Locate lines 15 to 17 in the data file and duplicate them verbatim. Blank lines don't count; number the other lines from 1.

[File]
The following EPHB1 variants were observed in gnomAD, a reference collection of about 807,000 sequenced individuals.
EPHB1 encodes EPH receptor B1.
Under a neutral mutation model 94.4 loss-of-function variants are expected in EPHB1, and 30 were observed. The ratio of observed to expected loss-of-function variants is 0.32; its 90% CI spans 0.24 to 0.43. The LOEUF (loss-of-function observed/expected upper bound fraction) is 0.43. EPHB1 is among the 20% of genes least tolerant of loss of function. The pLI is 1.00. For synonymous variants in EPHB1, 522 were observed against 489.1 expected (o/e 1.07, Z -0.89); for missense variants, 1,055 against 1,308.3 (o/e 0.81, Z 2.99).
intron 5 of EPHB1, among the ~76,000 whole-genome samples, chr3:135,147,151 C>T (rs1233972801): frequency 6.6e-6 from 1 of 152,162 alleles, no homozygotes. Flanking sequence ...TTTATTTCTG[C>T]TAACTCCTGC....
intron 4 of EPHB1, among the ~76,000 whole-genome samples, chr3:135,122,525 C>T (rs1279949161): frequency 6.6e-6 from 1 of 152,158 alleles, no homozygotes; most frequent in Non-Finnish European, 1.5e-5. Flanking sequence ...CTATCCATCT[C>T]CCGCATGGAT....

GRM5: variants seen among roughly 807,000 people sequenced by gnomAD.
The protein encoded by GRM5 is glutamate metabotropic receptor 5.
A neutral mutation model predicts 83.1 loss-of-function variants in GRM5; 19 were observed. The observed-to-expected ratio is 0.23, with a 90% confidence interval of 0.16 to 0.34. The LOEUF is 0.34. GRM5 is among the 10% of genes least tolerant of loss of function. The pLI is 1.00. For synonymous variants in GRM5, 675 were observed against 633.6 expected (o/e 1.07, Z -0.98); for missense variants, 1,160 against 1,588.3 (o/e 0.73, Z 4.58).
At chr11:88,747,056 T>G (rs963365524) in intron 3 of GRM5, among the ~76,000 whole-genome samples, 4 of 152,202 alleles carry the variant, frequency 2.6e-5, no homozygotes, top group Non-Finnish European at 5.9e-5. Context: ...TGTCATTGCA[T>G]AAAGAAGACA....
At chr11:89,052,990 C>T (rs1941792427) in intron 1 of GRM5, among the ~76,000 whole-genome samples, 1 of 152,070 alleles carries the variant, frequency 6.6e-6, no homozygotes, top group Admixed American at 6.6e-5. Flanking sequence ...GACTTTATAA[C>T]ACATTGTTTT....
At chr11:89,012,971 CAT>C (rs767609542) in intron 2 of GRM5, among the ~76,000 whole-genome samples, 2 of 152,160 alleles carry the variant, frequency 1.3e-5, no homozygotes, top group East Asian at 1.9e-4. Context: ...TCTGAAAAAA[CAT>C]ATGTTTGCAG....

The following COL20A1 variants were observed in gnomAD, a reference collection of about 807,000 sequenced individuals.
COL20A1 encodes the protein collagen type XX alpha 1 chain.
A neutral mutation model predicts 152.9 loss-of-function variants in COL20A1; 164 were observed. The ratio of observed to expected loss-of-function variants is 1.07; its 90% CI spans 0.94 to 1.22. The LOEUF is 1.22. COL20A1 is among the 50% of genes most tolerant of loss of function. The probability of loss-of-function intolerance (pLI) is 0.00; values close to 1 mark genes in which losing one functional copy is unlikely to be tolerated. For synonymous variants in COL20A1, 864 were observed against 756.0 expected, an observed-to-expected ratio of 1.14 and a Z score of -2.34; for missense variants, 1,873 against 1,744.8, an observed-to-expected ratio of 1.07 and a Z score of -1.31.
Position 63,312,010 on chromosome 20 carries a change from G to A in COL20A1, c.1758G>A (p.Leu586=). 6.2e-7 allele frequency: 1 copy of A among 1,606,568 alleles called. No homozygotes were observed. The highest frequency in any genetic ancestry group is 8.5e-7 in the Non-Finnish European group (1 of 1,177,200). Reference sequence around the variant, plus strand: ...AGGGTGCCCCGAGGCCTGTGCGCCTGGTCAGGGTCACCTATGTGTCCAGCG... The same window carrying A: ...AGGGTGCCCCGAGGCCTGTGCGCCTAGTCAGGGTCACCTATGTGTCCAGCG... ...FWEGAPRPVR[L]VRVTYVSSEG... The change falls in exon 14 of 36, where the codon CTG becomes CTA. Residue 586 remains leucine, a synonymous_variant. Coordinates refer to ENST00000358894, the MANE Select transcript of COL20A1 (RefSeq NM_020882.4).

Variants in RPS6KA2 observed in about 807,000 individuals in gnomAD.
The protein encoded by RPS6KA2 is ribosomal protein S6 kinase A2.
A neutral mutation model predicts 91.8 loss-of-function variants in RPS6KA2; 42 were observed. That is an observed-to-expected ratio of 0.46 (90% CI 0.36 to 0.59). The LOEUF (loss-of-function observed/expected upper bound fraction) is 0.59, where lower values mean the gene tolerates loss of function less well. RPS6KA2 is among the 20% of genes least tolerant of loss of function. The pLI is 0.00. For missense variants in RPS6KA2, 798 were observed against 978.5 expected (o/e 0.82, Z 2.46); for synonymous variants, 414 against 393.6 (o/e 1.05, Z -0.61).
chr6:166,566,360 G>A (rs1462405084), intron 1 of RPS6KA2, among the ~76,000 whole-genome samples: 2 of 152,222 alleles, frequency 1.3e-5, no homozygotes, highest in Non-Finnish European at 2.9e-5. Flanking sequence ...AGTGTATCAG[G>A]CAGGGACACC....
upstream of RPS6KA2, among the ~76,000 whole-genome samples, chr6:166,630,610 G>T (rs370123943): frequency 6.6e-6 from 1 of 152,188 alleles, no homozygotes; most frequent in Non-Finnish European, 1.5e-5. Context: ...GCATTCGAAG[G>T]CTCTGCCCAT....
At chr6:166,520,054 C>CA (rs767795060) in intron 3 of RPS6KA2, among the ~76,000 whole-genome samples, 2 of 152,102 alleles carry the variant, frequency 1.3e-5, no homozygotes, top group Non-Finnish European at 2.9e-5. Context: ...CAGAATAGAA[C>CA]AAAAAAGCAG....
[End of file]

Position 63,312,010 on chromosome 20 carries a change from G to A in COL20A1, c.1758G>A (p.Leu586=). 6.2e-7 allele frequency: 1 copy of A among 1,606,568 alleles called. No homozygotes were observed. The highest frequency in any genetic ancestry group is 8.5e-7 in the Non-Finnish European group (1 of 1,177,200). Reference sequence around the variant, plus strand: ...AGGGTGCCCCGAGGCCTGTGCGCCTGGTCAGGGTCACCTATGTGTCCAGCG... The same window carrying A: ...AGGGTGCCCCGAGGCCTGTGCGCCTAGTCAGGGTCACCTATGTGTCCAGCG... ...FWEGAPRPVR[L]VRVTYVSSEG... The change falls in exon 14 of 36, where the codon CTG becomes CTA. Residue 586 remains leucine, a synonymous_variant. Coordinates refer to ENST00000358894, the MANE Select transcript of COL20A1 (RefSeq NM_020882.4).

Variants in RPS6KA2 observed in about 807,000 individuals in gnomAD.
The protein encoded by RPS6KA2 is ribosomal protein S6 kinase A2.